Yomiel94 t1_jdyrrw5 wrote

> This is so wrong I will not bother with the rest of the claims, this author is unqualified

I find these comments pretty amusing. The author you’re referring to is François Chollet, an esteemed and widely published AI researcher whose code you’ve probably used if you’ve ever played around with ML (he created Keras and, as a Google employee, is a key contributor to Tensorflow).

So no, he’s not “unqualified,” and if you think he’s confused about a very basic area of human or machine cognition, you very likely don’t understand his claim, or are yourself confused.

Based on your response, you’re probably a little of both.


Yomiel94 t1_jdu38es wrote

It deceives and ultimately kills the protagonist without an ounce of regret. I would not call that optimistic.

Iirc the film was meant as a feminist social commentary rather than a cautionary tale about AI though lol.


Yomiel94 t1_jcbemtv wrote

>Or if I had all Google search results saved in a database I could access during the test!

You mean like your long-term memory? To be clear, GPT doesn’t have the raw training information available for reference. In a sense, it read it during training, extracted the useful information, and is now using it.

If it’s answering totally novel reasoning questions, that’s a pretty clear indication that it’s gone beyond just modeling syntax and grammar.


Yomiel94 t1_jbcxfi8 wrote

>machines don't do what you intend, they do what they're made to do.

It seems like, whether you use top-down machine-learning techniques to evolve a system according to some high-level spec or you use bottom-up conventional programming to rigorously and explicitly define behavior, what’s unspecified (ML case) or misspecified (conventional case) can bite you in the ass lol… it’s just that ML allows you to generate way more (potentially malignant) capability in the process.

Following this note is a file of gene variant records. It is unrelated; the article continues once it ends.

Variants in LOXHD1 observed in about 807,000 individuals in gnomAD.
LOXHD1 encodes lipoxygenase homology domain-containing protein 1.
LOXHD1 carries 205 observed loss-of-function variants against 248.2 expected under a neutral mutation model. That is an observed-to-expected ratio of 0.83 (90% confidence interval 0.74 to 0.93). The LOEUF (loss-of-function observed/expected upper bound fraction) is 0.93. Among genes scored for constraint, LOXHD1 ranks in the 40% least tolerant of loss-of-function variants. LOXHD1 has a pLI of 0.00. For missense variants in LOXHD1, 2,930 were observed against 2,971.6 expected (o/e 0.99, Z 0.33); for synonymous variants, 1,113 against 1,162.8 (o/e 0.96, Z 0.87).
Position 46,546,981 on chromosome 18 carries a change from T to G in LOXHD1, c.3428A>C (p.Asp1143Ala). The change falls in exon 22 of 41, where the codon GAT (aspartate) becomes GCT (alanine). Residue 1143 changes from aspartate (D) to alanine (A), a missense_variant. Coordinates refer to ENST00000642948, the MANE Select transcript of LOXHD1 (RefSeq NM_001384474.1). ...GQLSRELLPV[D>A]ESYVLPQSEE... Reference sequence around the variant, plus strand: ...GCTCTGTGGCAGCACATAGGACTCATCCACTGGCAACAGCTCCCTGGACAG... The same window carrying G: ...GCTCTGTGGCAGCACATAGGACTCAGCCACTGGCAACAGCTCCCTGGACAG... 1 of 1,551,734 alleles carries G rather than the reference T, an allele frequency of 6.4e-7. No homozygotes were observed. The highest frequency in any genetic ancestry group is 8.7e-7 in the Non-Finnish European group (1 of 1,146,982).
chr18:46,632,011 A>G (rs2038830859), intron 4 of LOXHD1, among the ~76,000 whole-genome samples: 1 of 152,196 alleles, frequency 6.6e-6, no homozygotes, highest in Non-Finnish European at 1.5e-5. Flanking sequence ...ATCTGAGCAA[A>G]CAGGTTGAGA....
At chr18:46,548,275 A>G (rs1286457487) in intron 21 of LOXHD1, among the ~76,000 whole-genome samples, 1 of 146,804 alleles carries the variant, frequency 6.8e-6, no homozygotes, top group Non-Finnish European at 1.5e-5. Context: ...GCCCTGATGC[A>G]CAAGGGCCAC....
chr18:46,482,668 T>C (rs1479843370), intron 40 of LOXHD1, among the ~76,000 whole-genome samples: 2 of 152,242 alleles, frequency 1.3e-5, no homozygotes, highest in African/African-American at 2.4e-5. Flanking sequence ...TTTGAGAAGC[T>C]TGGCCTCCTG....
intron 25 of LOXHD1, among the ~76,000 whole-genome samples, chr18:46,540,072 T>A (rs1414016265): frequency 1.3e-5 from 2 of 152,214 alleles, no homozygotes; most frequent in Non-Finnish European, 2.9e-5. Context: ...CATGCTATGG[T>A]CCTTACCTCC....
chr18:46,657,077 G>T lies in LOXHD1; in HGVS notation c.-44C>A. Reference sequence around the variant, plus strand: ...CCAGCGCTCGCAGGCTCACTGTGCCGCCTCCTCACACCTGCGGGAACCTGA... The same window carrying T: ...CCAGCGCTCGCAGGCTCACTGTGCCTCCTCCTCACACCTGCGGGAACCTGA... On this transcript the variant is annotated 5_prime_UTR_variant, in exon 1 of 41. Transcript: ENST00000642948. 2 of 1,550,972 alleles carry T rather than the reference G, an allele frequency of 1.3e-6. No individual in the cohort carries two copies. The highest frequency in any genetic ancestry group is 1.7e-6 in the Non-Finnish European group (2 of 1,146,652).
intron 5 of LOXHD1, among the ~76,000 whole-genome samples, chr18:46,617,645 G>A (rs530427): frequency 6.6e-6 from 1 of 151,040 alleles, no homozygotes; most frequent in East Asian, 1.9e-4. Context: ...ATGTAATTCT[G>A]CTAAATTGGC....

There’s also possible weird inner-alignment cases where a perfectly specified optimization process still produces a misaligned agent. It seems increasingly obvious that we can’t just treat ML as some kind of black magic past a certain capability threshold.


Yomiel94 t1_j4xzlr9 wrote

This seems like a stretch. GPT might be the most general form of artificial intelligence we’ve seen, but it’s still not an agent, and it’s still not cognitively flexible enough to really be general on a human level.

And just scaling up the existing model probably won’t get us there. Another large conceptual advancement that can give it something like executive function and tiered memory seems like a necessary precondition. Is there any indication at this point that such a breakthrough has been made?


Yomiel94 t1_j4xosdp wrote

> Simply put, the poor, uneducated, extremely religious minded, are the main drivers of the fear complex

Oh come on… Have you seen /r/technology recently? Have you read mainstream tech journalism? Have you watched science fiction? There is a very negative, very cynical view of technology that’s become mainstream in recent years, and it’s coming from the cultural elites.